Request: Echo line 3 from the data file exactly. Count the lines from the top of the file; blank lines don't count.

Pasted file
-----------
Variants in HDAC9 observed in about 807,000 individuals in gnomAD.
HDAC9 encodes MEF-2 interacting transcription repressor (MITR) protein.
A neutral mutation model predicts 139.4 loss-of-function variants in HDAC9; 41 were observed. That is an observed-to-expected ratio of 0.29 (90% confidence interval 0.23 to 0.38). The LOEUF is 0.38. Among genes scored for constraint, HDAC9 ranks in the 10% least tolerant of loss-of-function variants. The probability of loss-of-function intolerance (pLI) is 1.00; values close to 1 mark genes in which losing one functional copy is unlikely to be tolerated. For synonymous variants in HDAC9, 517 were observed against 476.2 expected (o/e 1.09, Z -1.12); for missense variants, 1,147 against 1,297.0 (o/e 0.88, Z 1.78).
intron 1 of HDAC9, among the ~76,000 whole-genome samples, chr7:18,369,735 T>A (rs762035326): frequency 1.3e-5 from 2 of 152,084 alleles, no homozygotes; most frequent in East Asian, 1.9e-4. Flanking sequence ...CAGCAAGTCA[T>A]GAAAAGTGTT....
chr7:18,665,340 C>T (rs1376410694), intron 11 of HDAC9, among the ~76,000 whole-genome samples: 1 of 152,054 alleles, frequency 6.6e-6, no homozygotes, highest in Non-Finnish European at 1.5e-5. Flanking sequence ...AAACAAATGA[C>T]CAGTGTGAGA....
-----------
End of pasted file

A neutral mutation model predicts 139.4 loss-of-function variants in HDAC9; 41 were observed. That is an observed-to-expected ratio of 0.29 (90% confidence interval 0.23 to 0.38). The LOEUF is 0.38. Among genes scored for constraint, HDAC9 ranks in the 10% least tolerant of loss-of-function variants. The probability of loss-of-function intolerance (pLI) is 1.00; values close to 1 mark genes in which losing one functional copy is unlikely to be tolerated. For synonymous variants in HDAC9, 517 were observed against 476.2 expected (o/e 1.09, Z -1.12); for missense variants, 1,147 against 1,297.0 (o/e 0.88, Z 1.78).